Regular Force pay. Reducing wages resulted in a Reserve Employment Opportunities (REO) boom. In other words,
using Reg F personnel at NDHQ was an attempt at cost-savings.
Ottawa was happy to pocket the savings resulting from changes to Reservists' pay grade but the policy-makers failed
to notice that, even as REO numbers grew, NDHQ kept crying that it hadn't enough people. The result
was hiring binges; the problem was a lack of a numbers cap.
CF Transformation: "Expecting the unexpected would be kind of paranoid, don't you think?"
Canadian columnists mused over whether LGen Leslie would have published this report were he not on the verge of
retiring from the Canadian Forces. This says rather more about an over- developed sense of self-preservation among
newspaper employees than it does a soldier with a proven willingness to put himself in the line of fire.
The pundits also predicted an outraged response from the top Brass, including the Chief of the Defence Staff,
Gen Walter Natynczyk.
Turns out that Walt Natynczyk has a bit more tactical game than anticipated by journalists. With the
predictable route already mapped out in LGen Leslie's report, the CDS went cross-country instead.
Nothing was off the table he said. If $1B in DND administrative costs had to be chopped, so be it. The
CDS was on side with cutting back full-time Reserve Force personnel. He was on side with reducing $2.7B spent annually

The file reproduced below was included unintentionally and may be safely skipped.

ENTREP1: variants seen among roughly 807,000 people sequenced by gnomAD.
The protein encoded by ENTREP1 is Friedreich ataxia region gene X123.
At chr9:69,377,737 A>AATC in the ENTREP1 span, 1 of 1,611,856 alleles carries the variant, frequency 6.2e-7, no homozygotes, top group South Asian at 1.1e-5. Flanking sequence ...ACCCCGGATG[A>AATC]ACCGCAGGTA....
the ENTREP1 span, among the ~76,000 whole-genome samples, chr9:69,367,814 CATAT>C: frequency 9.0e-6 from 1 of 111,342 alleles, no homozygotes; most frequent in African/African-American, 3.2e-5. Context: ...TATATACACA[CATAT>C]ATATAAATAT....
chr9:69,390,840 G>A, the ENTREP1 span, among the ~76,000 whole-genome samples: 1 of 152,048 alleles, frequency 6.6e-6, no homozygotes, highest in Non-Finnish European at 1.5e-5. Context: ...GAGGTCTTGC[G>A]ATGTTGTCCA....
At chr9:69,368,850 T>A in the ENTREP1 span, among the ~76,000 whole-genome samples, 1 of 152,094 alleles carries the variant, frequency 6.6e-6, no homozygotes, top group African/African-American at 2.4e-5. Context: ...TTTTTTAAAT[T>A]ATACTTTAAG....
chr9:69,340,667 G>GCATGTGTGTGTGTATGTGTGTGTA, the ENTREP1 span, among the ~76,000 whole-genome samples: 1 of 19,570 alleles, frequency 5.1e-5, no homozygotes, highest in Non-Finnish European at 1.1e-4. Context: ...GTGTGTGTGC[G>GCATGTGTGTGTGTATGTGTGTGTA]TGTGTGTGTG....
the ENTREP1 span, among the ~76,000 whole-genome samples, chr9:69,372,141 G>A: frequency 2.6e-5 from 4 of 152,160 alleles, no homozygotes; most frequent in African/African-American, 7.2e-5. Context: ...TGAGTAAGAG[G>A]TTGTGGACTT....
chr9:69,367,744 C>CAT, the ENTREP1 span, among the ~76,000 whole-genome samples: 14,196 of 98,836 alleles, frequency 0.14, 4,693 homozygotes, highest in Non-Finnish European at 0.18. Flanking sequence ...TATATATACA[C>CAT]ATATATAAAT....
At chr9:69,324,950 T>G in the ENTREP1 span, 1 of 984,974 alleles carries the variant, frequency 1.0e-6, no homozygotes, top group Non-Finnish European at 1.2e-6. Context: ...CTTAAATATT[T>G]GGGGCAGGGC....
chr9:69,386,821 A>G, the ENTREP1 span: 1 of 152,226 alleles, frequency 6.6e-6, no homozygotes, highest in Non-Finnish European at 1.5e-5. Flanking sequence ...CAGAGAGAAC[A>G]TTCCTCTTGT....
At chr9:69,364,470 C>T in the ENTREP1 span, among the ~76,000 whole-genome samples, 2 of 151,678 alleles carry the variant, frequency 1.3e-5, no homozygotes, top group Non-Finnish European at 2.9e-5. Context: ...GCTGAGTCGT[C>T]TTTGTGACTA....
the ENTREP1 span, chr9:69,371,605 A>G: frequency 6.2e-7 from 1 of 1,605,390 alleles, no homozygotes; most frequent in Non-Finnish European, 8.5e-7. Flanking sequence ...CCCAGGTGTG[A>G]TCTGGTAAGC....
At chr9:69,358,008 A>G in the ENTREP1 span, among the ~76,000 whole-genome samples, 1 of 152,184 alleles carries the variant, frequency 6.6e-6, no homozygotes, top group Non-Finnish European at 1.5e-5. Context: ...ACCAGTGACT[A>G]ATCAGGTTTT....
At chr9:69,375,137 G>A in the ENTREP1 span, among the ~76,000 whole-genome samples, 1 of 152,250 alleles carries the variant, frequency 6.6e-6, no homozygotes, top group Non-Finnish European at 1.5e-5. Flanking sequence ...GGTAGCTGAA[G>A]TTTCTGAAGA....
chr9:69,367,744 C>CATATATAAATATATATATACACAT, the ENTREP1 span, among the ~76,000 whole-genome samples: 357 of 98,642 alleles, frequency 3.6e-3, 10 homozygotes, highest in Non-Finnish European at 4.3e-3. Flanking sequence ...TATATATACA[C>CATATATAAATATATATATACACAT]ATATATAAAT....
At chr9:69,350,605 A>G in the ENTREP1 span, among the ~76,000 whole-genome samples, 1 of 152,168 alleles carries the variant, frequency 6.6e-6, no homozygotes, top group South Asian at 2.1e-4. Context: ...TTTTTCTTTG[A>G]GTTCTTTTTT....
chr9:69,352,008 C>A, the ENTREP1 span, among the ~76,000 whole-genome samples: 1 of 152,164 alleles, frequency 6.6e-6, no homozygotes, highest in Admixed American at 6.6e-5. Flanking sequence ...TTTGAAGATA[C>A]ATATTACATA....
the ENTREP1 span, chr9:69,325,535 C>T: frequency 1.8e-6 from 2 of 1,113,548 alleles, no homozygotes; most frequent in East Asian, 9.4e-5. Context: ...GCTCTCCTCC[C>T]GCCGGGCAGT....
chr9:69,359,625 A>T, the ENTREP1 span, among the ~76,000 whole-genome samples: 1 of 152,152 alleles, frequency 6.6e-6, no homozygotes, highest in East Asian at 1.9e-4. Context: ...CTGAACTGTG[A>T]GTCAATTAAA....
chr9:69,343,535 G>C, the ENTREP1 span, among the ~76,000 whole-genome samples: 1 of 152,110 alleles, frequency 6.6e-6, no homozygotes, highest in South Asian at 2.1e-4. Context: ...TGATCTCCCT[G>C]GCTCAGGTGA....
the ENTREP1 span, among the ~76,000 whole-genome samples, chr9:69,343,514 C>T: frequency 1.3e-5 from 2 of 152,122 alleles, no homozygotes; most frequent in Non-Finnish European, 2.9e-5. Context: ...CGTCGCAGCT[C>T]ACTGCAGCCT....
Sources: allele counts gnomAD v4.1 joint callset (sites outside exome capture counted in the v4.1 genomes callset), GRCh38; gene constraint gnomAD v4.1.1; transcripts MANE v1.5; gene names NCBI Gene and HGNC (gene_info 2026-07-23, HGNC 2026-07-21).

on contractors and consultants saying: "what we have to do is ... go through all [of ] those contracts and
say, 'What don't we need anymore?'."
Gen Natynczyk assigned most of the blame for both DND's burgeoning bureaucracy and the
contract-employee hiring binge on a combination of the 1994-95 defence budget cuts and the 'operational
tempo' of the Afghanistan deployment. Well, 'Nat' was a Dragoon, so you expect a bit of slash and
manoeuvre. First transfer responsibility to a previous government (who, let's face it, were quick to seize
those NDHQ pay-grade savings without sweating a hiring cap) and then link these earlier defence cuts to a required
hiring of gap-filling, lower-level support staff.
Specifically mentioned of former military jobs contracted out to the private sector were cooks and Air Force
flight instructors. Such Alternative Service Delivery contracts were intended to save funds that could then be
reallocated for use at the 'sharp end'. According to LGen Leslie, that never happened. Instead, the monies
saved helped plump the bureaucracy while combat troops made do with the leavings. Does this sound like a
consultant or bureaucratic problem?
Were it fiction, at this stage, Sir Humphrey would be tabling a plan to cut back the number of Departmental tea
ladies. But DND's problem is systemic. Bureaucracies are extremely good at protecting themselves and measure
their success in departmental growth not in acheivements. Only outside of that bureaucratic culture
is the waste and
stupidity evident. Gen Natynczyk won't solve much by getting rid of contracted cooks. He must outflank
the bureaucracy itself. If the CDS wishes to "demonstrate the discipline and the rigour" to reform, that's the
Oh, and about those citizens ... administrative savings weren't really at the top of their priority list.
By all means, go through the contracts, save the $1B, and spin the positive-positive. But, in the end,
citizens will still want accountability for the Billions spent on military procurement.